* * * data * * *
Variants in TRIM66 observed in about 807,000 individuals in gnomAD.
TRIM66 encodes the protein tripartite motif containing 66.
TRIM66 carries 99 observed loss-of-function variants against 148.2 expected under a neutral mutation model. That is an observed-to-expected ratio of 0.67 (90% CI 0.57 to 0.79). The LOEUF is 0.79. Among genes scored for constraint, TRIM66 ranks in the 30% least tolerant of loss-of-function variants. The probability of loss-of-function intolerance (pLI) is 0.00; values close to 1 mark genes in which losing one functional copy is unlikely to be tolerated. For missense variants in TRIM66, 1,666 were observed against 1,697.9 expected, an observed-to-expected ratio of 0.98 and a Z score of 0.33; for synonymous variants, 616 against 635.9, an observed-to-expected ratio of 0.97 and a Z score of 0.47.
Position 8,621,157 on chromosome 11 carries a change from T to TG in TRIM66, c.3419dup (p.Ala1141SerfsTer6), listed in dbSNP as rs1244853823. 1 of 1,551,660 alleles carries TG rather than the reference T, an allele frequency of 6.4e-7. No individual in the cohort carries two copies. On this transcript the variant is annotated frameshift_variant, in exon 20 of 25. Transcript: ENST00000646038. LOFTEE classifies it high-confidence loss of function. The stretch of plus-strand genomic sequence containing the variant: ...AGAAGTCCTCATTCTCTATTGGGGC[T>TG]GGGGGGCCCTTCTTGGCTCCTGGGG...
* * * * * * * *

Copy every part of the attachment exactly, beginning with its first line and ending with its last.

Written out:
Variants in TRIM66 observed in about 807,000 individuals in gnomAD.
TRIM66 encodes the protein tripartite motif containing 66.
TRIM66 carries 99 observed loss-of-function variants against 148.2 expected under a neutral mutation model. That is an observed-to-expected ratio of 0.67 (90% CI 0.57 to 0.79). The LOEUF is 0.79. Among genes scored for constraint, TRIM66 ranks in the 30% least tolerant of loss-of-function variants. The probability of loss-of-function intolerance (pLI) is 0.00; values close to 1 mark genes in which losing one functional copy is unlikely to be tolerated. For missense variants in TRIM66, 1,666 were observed against 1,697.9 expected, an observed-to-expected ratio of 0.98 and a Z score of 0.33; for synonymous variants, 616 against 635.9, an observed-to-expected ratio of 0.97 and a Z score of 0.47.
Position 8,621,157 on chromosome 11 carries a change from T to TG in TRIM66, c.3419dup (p.Ala1141SerfsTer6), listed in dbSNP as rs1244853823. 1 of 1,551,660 alleles carries TG rather than the reference T, an allele frequency of 6.4e-7. No individual in the cohort carries two copies. On this transcript the variant is annotated frameshift_variant, in exon 20 of 25. Transcript: ENST00000646038. LOFTEE classifies it high-confidence loss of function. The stretch of plus-strand genomic sequence containing the variant: ...AGAAGTCCTCATTCTCTATTGGGGC[T>TG]GGGGGGCCCTTCTTGGCTCCTGGGG...